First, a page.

Since the release of the new £5 polymer notes, vegans throughout the UK have been in uproar since it was discovered that they were being made with traces of animal fat. Despite these objections, the Bank of England is planning the release of £10 notes in September 2017 with the same materials.
The issuer said that it ‘recognises the concerns’ raised about the discovery of tallow (rendered animal fat) in the £5 polymer notes. However, they have already invested £46million printing the new £5 notes, as well as £24million printing 275 million new £10 notes.
It was revealed back in November 2016 that tallow had been used in production of the new fiver, but reprinting on a new substrate would mean incurring a cost of £70million. Before production had taken place, the Bank had signed an agreement but was not aware of the presence of animal-derived products.
A petition was started last year, after the Bank came clean, which stated, ‘The new £5 notes contain animal fat in the form of tallow. This is unacceptable to millions of vegans, vegetarians, Hindus, Sikhs, Jains and others in the U.K.
‘We demand that you cease to use animal products in the production of currency that we have to use.’ It has since attracted over 135,000 signatures.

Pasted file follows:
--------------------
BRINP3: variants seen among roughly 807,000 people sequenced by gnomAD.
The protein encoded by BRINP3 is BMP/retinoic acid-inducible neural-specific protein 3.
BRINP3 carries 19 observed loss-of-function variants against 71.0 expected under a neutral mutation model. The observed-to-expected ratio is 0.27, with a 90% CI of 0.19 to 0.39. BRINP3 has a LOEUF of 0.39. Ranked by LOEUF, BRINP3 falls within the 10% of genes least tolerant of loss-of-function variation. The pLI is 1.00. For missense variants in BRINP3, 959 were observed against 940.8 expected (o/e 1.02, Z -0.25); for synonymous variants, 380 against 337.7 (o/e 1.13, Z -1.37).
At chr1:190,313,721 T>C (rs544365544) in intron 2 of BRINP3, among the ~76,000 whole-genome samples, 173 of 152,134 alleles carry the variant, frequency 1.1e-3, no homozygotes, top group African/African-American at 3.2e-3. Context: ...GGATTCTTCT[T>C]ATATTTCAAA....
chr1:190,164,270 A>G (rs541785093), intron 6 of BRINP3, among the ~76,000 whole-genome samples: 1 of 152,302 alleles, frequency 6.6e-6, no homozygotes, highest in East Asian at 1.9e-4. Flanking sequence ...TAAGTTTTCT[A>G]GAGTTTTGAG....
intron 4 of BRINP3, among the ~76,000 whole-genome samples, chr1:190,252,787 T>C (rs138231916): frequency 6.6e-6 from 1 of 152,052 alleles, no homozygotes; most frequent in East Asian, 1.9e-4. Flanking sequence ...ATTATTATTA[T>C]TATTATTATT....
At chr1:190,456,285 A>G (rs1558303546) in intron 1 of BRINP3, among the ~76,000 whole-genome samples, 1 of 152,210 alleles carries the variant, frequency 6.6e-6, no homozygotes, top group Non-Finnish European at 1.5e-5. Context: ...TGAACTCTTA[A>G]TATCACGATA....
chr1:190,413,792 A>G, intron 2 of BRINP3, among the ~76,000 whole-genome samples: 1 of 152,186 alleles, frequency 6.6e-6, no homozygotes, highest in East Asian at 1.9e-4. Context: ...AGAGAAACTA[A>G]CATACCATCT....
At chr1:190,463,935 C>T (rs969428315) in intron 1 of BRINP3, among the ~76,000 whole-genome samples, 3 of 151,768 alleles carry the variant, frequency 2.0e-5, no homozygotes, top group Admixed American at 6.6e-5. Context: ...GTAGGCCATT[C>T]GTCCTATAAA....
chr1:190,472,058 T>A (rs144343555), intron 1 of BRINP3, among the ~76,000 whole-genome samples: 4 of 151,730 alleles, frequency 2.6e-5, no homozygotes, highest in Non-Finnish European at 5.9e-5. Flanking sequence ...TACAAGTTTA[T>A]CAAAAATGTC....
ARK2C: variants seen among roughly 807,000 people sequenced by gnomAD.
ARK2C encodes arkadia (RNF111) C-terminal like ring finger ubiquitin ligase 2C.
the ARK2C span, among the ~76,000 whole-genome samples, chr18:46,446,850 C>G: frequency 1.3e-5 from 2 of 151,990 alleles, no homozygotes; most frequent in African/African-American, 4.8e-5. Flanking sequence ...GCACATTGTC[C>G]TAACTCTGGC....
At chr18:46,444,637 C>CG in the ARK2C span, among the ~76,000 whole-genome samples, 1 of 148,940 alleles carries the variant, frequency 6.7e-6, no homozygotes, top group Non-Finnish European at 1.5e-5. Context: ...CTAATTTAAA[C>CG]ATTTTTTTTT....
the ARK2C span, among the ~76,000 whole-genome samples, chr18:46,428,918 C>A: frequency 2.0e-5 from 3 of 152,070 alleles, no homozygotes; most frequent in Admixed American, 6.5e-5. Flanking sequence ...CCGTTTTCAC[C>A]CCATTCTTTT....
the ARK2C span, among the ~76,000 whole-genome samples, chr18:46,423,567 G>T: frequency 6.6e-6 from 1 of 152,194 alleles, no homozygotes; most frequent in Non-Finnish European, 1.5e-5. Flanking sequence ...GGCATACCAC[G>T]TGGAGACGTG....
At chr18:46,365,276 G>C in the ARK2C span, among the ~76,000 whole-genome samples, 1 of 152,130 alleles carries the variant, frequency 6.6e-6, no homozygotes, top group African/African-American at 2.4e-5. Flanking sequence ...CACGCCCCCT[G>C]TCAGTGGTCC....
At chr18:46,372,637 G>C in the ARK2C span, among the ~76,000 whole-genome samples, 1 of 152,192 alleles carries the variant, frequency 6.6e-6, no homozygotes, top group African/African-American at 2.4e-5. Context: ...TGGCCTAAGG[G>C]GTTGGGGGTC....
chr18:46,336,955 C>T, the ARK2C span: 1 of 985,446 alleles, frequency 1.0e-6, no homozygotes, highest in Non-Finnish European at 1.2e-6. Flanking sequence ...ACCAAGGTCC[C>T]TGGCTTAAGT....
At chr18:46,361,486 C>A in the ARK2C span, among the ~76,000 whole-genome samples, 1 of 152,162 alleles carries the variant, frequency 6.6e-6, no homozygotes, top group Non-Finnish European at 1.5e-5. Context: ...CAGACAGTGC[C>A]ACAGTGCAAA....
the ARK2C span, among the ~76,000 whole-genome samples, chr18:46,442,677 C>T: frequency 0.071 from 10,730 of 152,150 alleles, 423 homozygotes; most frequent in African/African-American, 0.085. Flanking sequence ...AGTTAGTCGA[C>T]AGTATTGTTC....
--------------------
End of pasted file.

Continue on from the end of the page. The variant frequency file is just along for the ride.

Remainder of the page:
What is tallow and why is it in bank notes?
Tallow is a substance that comes from animal fat and also referred to as suet. The most common tallow comes from beef but fat can be rendered from deer, sheep, bear and other animals.
It is commonly used in cooking (frying and baking), as a lubricant, as a biofuel, for candle making and also skin care. However, there are also traces of it in the polymer the Bank of England has used to make the new £5 banknotes.
The polymer has been supplied by Innovia Security – one of two companies worldwide who produce it for bank notes. Innovia’s Guardian substrate accounts for more than 99 per cent of polymer banknotes found in the market today across 24 countries.
Tallow is believed to be used as a source of stearic acid, which acts as a lubricant and neutralises trace additives in the notes. There are vegetarian alternatives, although these are likely to be more expensive.
Credit: This Is Money
The £10 note which features Jane Austen will be launched in September – and 275m have already been printed.
The Bank of England said: ‘Producing banknotes is complicated. A variety of processes are required to manufacture a secure note of the highest quality, and the lead times involved are therefore significant. The Bank works hard to ensure that the public has enough secure notes to use in daily life and destroying the hundreds of millions of notes already printed would put this at risk. The Bank cannot guarantee sufficient stocks of paper notes to replace the destroyed polymer notes.’
It’s worth noting that any old £5 notes you have in your possession will either need to be exchanged or used by 5 May 2017.